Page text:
John Russell: Adam, what is the most important basic advice you can give to forex traders when it comes to their taxes?
Adam Kelsey: The most important advice to give forex traders is to be proactive regarding their taxes. If they are making a profit on their trading they need to make sure they are making quarterly estimated tax payments and they need to contact their tax professional prior to the end of the year for tax planning ideas.
JR: How should forex gains/losses be reported on a tax return?
AK: There are two methods to reporting gain/loss from buying and selling the actual currencies themselves. The first method is the default rule as defined by section 988 of the Internal Revenue Code. This code section states that the trading of the currencies themselves is taxed as ordinary income which is similar to interest income. The second method of reporting gains/losses from trading forex is treating the gains/losses as 1256 contracts. This method is only available to those who properly elect to opt out of the regular section 988 treatment as defined by the code.
JR: What type of records should forex traders be keeping during the year for tax purposes?
AK: Forex traders should be keeping accurate records of the trading activity and the gain/loss generated. Also, for those traders who elect to opt out of section 988 treatment they will need to keep the proper election records as defined by the code.
JR: What should forex traders expect from their brokers when it comes to tax issues?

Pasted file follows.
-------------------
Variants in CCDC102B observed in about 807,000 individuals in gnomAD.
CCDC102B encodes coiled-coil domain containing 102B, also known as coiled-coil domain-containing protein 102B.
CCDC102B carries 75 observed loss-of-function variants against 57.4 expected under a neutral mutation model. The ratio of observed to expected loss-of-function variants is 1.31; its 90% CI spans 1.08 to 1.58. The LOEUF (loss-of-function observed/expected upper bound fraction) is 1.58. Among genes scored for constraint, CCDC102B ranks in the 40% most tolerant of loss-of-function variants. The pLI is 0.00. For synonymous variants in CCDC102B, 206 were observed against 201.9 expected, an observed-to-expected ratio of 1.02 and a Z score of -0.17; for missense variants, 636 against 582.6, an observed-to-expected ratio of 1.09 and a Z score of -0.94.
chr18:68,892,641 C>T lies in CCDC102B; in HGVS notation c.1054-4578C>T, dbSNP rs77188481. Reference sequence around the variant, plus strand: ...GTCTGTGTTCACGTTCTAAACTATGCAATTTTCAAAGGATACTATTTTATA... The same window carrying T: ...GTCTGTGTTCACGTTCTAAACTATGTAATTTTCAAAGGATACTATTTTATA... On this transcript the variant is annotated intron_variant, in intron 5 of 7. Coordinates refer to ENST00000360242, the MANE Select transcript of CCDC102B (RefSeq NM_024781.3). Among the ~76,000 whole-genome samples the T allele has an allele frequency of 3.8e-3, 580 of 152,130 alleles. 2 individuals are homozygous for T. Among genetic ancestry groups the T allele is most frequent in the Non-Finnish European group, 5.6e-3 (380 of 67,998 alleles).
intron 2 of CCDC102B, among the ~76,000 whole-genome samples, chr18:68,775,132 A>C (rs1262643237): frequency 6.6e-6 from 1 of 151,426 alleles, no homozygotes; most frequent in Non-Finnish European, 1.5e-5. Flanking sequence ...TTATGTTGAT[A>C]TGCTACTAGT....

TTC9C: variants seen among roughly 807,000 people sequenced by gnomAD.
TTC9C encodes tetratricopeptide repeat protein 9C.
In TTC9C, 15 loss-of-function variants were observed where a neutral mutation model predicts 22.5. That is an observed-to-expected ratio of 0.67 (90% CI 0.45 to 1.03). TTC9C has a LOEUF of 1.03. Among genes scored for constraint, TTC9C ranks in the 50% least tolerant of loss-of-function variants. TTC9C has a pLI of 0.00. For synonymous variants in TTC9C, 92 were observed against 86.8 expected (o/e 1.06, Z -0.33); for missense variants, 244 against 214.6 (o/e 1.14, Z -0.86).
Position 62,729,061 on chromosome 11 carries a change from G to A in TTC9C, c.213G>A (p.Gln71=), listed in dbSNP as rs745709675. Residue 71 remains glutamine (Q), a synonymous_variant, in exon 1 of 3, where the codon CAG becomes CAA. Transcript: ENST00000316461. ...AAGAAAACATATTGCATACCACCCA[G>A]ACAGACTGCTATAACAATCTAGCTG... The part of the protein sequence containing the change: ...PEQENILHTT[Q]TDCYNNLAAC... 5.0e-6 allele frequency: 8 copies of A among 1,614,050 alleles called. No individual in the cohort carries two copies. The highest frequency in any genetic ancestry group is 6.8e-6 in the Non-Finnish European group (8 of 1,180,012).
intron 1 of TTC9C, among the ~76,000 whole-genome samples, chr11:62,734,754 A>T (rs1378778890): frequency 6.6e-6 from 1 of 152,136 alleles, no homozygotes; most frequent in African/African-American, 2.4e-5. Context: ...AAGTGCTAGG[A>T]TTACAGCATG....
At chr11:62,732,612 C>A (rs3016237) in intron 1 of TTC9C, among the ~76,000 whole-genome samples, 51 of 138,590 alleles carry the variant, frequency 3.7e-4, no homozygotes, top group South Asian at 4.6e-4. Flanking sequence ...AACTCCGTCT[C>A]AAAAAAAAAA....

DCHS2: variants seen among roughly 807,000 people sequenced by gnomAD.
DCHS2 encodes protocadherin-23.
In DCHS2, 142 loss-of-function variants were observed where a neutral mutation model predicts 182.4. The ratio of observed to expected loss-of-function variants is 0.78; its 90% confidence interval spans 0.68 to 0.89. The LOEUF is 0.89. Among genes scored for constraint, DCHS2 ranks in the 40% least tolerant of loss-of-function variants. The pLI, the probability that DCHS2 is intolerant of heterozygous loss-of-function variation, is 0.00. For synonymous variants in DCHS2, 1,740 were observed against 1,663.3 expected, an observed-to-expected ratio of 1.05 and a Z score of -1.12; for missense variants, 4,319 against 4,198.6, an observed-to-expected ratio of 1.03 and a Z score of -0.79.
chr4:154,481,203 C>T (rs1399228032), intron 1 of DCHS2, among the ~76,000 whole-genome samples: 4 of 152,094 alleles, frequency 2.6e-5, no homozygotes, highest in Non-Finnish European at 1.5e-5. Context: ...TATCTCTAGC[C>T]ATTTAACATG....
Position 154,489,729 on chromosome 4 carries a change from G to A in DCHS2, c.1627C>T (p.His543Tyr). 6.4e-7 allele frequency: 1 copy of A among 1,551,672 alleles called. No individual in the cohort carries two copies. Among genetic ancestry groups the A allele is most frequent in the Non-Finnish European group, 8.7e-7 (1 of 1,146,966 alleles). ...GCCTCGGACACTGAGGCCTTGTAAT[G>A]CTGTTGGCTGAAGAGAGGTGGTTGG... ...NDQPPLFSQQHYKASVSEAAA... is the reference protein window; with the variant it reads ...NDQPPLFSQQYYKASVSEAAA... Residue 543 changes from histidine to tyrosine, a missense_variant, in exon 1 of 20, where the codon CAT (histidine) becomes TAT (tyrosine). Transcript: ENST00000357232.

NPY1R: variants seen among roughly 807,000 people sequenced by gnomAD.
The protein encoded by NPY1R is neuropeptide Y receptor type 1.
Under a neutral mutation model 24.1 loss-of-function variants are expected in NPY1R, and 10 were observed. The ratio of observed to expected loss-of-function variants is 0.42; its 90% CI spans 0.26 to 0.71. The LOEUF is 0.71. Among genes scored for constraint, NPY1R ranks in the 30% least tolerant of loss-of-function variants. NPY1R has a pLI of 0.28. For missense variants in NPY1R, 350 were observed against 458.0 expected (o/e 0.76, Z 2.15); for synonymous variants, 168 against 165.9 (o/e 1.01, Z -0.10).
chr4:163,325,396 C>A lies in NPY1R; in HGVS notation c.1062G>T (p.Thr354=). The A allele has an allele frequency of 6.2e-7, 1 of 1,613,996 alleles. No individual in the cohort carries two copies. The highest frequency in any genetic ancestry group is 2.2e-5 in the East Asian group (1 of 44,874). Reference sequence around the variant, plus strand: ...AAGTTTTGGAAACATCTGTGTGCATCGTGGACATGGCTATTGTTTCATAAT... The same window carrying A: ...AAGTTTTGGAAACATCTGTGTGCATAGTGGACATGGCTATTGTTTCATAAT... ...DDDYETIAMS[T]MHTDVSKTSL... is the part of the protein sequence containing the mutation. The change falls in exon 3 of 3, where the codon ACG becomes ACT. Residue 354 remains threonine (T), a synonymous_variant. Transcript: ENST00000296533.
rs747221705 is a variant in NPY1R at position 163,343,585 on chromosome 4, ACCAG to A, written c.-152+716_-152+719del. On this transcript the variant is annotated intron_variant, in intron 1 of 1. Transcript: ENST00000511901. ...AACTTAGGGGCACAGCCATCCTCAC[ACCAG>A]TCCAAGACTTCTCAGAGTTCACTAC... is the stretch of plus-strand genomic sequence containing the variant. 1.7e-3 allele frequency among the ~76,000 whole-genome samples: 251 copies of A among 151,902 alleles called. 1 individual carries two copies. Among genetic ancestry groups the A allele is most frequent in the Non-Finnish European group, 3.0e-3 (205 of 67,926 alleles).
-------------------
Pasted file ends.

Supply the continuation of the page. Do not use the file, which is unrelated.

AK: Each broker is different in what information they will provide to their clients and in what format. Many, forex brokers will provide details regarding the trading activity, the actual gain/loss realized and the floating gain/loss. However, when it comes to issues regarding how the gain/loss is reported, the brokers will generally ask their clients to speak to their tax professionals.
JR: What is the number one thing you would warn forex traders to avoid doing on their tax return?
AK: The number one issue is to not report the gain/loss on the wrong part of the income tax return. There is a significant difference between reporting the gain/loss as other ordinary income and as 1256 contracts. If the trader has not properly elected to opt out of section 988, files on Form 6781 as 1256 contracts and is later audited they could possible face significant interest and penalties for additional tax due. Likewise if the trader has properly elected to opt out of section 988 and files as other ordinary income they could be losing a significant tax benefit.
JR: Adam, I appreciate the that you spent answering these questions. Forex traders will really appreciate this basic help on forex tax issues.
As always, I recommend that you do your own research. Handle your taxes the same way you handle your trading. Research until you feel confident in your decisions. If you feel that you are in over your head, do not hesitate to contact a professional like Adam. Taxes are not a smart place to get creative.